After the Intergovernmental Panel on Climate Change published its 2007 assessment, which included stark warning about the future of the Amazon rainforest if climate change continues unabated, the london newspaper The Sunday Times published an article ridiculing the IPCC's reliance on information from WWF about the Amazon. The paper said the information came from "green campaigners" with "little scientific expertise," but now the paper has published an apology.The original WWF paper estimated that up to 40 percent of the Amazon could be under threat from changing rainfall patterns. The criticism from The Sunday Times reverberated around the world, giving fodder to climate deniers and sowing seeds of doubt.
But the truth was a much different story. The IPCC's citation was just one of thousands, which obviously didn't negate the validity of the IPCC's other findings. And as The Sunday Times has now noted, scientists involved in Amazon research have come forward and defended the WWF study. Perhaps the biggest support came from Daniel Nepstad of the Woods Hole Research Center, who published an informed defense.
Here's the full text of the correction.
The article "UN climate panel shamed by bogus rainforest claim" (News, Jan 31) stated that the 2007 Intergovernmental Panel on Climate Change (IPCC) report had included an "unsubstantiated claim" that up to 40% of the Amazon rainforest could be sensitive to future changes in rainfall. The IPCC had referenced the claim to a report prepared for the World Wildlife Fund (WWF) by Andrew Rowell and Peter Moore, whom the article described as "green campaigners" with "little scientific expertise." The article also stated that the authors' research had been based on a scientific paper that dealt with the impact of human activity rather than climate change.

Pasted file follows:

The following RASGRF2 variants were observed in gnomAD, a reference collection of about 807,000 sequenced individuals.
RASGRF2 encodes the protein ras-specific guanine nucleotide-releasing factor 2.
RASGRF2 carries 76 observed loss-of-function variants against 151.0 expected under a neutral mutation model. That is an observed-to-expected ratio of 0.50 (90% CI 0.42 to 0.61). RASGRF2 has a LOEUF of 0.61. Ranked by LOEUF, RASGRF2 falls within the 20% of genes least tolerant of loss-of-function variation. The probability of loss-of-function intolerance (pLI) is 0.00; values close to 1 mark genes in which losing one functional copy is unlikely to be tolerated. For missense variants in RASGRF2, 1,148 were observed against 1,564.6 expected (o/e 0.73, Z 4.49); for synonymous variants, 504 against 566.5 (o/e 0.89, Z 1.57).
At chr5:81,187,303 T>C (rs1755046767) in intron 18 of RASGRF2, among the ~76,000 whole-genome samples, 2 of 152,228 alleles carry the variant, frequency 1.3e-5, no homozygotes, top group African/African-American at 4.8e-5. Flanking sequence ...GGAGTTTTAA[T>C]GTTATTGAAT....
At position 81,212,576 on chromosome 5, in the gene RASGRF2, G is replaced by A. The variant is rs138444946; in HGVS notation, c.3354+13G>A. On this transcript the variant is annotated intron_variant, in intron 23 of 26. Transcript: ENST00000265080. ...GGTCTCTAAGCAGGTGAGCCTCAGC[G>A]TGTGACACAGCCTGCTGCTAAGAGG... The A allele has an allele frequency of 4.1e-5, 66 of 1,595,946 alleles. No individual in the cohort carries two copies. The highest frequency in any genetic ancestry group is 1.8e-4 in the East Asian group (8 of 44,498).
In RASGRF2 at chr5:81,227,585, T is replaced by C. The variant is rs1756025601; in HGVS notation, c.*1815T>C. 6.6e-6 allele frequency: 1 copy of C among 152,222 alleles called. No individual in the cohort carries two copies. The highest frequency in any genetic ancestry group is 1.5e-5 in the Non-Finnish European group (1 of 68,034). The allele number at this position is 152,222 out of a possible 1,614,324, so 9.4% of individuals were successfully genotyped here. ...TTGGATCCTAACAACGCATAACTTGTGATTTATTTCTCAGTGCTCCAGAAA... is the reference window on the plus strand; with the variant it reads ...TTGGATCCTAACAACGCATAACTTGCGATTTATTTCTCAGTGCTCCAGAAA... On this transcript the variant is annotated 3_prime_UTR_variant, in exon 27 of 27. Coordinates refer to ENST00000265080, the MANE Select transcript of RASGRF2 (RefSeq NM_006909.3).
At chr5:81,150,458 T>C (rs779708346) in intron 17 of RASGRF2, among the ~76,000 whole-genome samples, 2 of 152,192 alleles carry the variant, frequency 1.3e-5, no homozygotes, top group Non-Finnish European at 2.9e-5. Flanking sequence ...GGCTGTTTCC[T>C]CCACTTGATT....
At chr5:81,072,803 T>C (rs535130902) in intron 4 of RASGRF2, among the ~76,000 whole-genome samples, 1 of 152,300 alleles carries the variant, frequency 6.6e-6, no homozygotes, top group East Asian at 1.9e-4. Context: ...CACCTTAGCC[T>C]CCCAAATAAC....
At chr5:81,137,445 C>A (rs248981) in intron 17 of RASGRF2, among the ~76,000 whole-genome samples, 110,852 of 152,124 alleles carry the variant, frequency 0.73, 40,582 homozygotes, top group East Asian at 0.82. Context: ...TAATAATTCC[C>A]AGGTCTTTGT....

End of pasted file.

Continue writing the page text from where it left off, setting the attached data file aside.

In fact, the IPCC's Amazon statement is supported by peer-reviewed scientific evidence. In the case of the WWF report, the figure had, in error, not been referenced, but was based on research by the respected Amazon Environmental Research Institute (IPAM) which did relate to the impact of climate change. We also understand and accept that Mr Rowell is an experienced environmental journalist and that Dr Moore is an expert in forest management, and apologise for any suggestion to the contrary.
The article also quoted criticism of the IPCC's use of the WWF report by Dr Simon Lewis, a Royal Society research fellow at the University of Leeds and leading specialist in tropical forest ecology. We accept that, in his quoted remarks, Dr Lewis was making the general point that both the IPCC and WWF should have cited the appropriate peer-reviewed scientific research literature. As he made clear to us at the time, including by sending us some of the research literature, Dr Lewis does not dispute the scientific basis for both the IPCC and the WWF reports' statements on the potential vulnerability of the Amazon rainforest to droughts caused by climate change.
In addition, the article stated that Dr Lewis' concern at the IPCC's use of reports by environmental campaign groups related to the prospect of those reports being biased in their conclusions. We accept that Dr Lewis holds no such view - rather, he was concerned that the use of non-peer-reviewed sources risks creating the perception of bias and unnecessary controversy, which is unhelpful in advancing the public's understanding of the science of climate change. A version of our article that had been checked with Dr Lewis underwent significant late editing and so did not give a fair or accurate account of his views on these points. We apologise for this.
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